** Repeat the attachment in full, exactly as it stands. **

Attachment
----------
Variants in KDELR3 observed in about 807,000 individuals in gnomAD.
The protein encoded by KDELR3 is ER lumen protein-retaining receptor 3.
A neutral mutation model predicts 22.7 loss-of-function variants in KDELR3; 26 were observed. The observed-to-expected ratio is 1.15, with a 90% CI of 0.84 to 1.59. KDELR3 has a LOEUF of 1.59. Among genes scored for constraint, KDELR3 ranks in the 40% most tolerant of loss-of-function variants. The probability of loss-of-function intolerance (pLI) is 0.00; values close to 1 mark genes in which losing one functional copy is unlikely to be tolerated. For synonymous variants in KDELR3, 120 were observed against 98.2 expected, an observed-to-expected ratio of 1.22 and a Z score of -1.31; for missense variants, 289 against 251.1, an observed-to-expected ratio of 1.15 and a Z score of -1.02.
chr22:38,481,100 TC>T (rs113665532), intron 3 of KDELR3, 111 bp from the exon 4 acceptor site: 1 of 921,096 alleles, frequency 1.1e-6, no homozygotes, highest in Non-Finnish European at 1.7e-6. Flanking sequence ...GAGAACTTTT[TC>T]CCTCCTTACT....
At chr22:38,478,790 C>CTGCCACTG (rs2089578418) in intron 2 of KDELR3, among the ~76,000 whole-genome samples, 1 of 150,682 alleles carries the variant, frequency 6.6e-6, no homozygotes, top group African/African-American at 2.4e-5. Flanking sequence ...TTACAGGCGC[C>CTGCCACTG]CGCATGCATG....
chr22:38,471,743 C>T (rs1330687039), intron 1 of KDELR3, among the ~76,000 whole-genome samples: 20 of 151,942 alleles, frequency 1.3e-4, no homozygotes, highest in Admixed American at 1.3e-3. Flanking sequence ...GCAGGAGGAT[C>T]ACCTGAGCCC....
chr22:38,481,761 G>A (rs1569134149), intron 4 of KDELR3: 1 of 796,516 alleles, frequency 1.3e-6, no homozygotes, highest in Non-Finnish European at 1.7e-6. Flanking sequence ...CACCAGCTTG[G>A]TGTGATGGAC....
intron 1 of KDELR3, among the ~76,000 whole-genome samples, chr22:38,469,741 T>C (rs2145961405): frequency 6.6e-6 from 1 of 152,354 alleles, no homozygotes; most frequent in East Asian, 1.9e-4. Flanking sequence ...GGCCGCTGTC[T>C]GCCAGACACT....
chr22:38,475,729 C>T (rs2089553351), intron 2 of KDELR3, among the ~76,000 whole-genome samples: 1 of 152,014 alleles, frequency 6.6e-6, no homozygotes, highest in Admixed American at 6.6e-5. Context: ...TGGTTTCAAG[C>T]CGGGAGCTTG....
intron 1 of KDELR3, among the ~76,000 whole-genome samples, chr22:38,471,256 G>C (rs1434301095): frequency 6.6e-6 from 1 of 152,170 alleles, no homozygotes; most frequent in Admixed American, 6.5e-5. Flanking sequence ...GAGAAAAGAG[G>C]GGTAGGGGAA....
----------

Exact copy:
Variants in KDELR3 observed in about 807,000 individuals in gnomAD.
The protein encoded by KDELR3 is ER lumen protein-retaining receptor 3.
A neutral mutation model predicts 22.7 loss-of-function variants in KDELR3; 26 were observed. The observed-to-expected ratio is 1.15, with a 90% CI of 0.84 to 1.59. KDELR3 has a LOEUF of 1.59. Among genes scored for constraint, KDELR3 ranks in the 40% most tolerant of loss-of-function variants. The probability of loss-of-function intolerance (pLI) is 0.00; values close to 1 mark genes in which losing one functional copy is unlikely to be tolerated. For synonymous variants in KDELR3, 120 were observed against 98.2 expected, an observed-to-expected ratio of 1.22 and a Z score of -1.31; for missense variants, 289 against 251.1, an observed-to-expected ratio of 1.15 and a Z score of -1.02.
chr22:38,481,100 TC>T (rs113665532), intron 3 of KDELR3, 111 bp from the exon 4 acceptor site: 1 of 921,096 alleles, frequency 1.1e-6, no homozygotes, highest in Non-Finnish European at 1.7e-6. Flanking sequence ...GAGAACTTTT[TC>T]CCTCCTTACT....
At chr22:38,478,790 C>CTGCCACTG (rs2089578418) in intron 2 of KDELR3, among the ~76,000 whole-genome samples, 1 of 150,682 alleles carries the variant, frequency 6.6e-6, no homozygotes, top group African/African-American at 2.4e-5. Flanking sequence ...TTACAGGCGC[C>CTGCCACTG]CGCATGCATG....
chr22:38,471,743 C>T (rs1330687039), intron 1 of KDELR3, among the ~76,000 whole-genome samples: 20 of 151,942 alleles, frequency 1.3e-4, no homozygotes, highest in Admixed American at 1.3e-3. Flanking sequence ...GCAGGAGGAT[C>T]ACCTGAGCCC....
chr22:38,481,761 G>A (rs1569134149), intron 4 of KDELR3: 1 of 796,516 alleles, frequency 1.3e-6, no homozygotes, highest in Non-Finnish European at 1.7e-6. Flanking sequence ...CACCAGCTTG[G>A]TGTGATGGAC....
intron 1 of KDELR3, among the ~76,000 whole-genome samples, chr22:38,469,741 T>C (rs2145961405): frequency 6.6e-6 from 1 of 152,354 alleles, no homozygotes; most frequent in East Asian, 1.9e-4. Flanking sequence ...GGCCGCTGTC[T>C]GCCAGACACT....
chr22:38,475,729 C>T (rs2089553351), intron 2 of KDELR3, among the ~76,000 whole-genome samples: 1 of 152,014 alleles, frequency 6.6e-6, no homozygotes, highest in Admixed American at 6.6e-5. Context: ...TGGTTTCAAG[C>T]CGGGAGCTTG....
intron 1 of KDELR3, among the ~76,000 whole-genome samples, chr22:38,471,256 G>C (rs1434301095): frequency 6.6e-6 from 1 of 152,170 alleles, no homozygotes; most frequent in Admixed American, 6.5e-5. Flanking sequence ...GAGAAAAGAG[G>C]GGTAGGGGAA....